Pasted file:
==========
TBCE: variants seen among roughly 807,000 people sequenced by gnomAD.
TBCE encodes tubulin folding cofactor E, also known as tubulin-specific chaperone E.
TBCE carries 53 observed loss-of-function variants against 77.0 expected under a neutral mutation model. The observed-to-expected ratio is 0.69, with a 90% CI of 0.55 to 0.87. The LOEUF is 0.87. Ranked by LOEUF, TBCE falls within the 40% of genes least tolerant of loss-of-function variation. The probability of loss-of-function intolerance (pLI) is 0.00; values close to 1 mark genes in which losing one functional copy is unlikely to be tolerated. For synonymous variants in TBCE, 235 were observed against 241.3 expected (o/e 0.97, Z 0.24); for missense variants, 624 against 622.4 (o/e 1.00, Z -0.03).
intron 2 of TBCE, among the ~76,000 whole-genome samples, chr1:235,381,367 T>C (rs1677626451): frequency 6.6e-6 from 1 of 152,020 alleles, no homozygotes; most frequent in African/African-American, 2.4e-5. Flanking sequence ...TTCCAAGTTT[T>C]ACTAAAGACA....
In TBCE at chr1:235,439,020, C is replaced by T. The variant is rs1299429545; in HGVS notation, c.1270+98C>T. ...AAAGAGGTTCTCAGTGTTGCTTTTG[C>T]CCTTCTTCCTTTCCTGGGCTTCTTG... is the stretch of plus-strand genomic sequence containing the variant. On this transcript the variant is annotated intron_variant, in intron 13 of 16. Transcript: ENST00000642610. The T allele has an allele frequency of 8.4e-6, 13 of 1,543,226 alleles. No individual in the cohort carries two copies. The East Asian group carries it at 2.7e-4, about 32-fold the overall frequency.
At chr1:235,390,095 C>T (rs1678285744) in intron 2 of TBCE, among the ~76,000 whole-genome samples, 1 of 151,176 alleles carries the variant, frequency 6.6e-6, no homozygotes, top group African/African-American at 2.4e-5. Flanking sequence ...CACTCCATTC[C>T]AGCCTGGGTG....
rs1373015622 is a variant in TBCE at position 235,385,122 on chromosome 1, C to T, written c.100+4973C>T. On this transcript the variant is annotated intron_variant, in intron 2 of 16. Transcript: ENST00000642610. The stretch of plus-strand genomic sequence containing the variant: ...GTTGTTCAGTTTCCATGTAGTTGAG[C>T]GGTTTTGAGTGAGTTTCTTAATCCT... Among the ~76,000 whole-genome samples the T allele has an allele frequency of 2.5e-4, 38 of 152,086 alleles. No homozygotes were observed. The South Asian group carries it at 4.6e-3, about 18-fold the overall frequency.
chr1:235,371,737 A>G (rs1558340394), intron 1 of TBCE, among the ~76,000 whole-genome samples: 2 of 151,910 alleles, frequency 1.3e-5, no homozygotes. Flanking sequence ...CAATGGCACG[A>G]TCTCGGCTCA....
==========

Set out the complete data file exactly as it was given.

TBCE: variants seen among roughly 807,000 people sequenced by gnomAD.
TBCE encodes tubulin folding cofactor E, also known as tubulin-specific chaperone E.
TBCE carries 53 observed loss-of-function variants against 77.0 expected under a neutral mutation model. The observed-to-expected ratio is 0.69, with a 90% CI of 0.55 to 0.87. The LOEUF is 0.87. Ranked by LOEUF, TBCE falls within the 40% of genes least tolerant of loss-of-function variation. The probability of loss-of-function intolerance (pLI) is 0.00; values close to 1 mark genes in which losing one functional copy is unlikely to be tolerated. For synonymous variants in TBCE, 235 were observed against 241.3 expected (o/e 0.97, Z 0.24); for missense variants, 624 against 622.4 (o/e 1.00, Z -0.03).
intron 2 of TBCE, among the ~76,000 whole-genome samples, chr1:235,381,367 T>C (rs1677626451): frequency 6.6e-6 from 1 of 152,020 alleles, no homozygotes; most frequent in African/African-American, 2.4e-5. Flanking sequence ...TTCCAAGTTT[T>C]ACTAAAGACA....
In TBCE at chr1:235,439,020, C is replaced by T. The variant is rs1299429545; in HGVS notation, c.1270+98C>T. ...AAAGAGGTTCTCAGTGTTGCTTTTG[C>T]CCTTCTTCCTTTCCTGGGCTTCTTG... is the stretch of plus-strand genomic sequence containing the variant. On this transcript the variant is annotated intron_variant, in intron 13 of 16. Transcript: ENST00000642610. The T allele has an allele frequency of 8.4e-6, 13 of 1,543,226 alleles. No individual in the cohort carries two copies. The East Asian group carries it at 2.7e-4, about 32-fold the overall frequency.
At chr1:235,390,095 C>T (rs1678285744) in intron 2 of TBCE, among the ~76,000 whole-genome samples, 1 of 151,176 alleles carries the variant, frequency 6.6e-6, no homozygotes, top group African/African-American at 2.4e-5. Flanking sequence ...CACTCCATTC[C>T]AGCCTGGGTG....
rs1373015622 is a variant in TBCE at position 235,385,122 on chromosome 1, C to T, written c.100+4973C>T. On this transcript the variant is annotated intron_variant, in intron 2 of 16. Transcript: ENST00000642610. The stretch of plus-strand genomic sequence containing the variant: ...GTTGTTCAGTTTCCATGTAGTTGAG[C>T]GGTTTTGAGTGAGTTTCTTAATCCT... Among the ~76,000 whole-genome samples the T allele has an allele frequency of 2.5e-4, 38 of 152,086 alleles. No homozygotes were observed. The South Asian group carries it at 4.6e-3, about 18-fold the overall frequency.
chr1:235,371,737 A>G (rs1558340394), intron 1 of TBCE, among the ~76,000 whole-genome samples: 2 of 151,910 alleles, frequency 1.3e-5, no homozygotes. Flanking sequence ...CAATGGCACG[A>G]TCTCGGCTCA....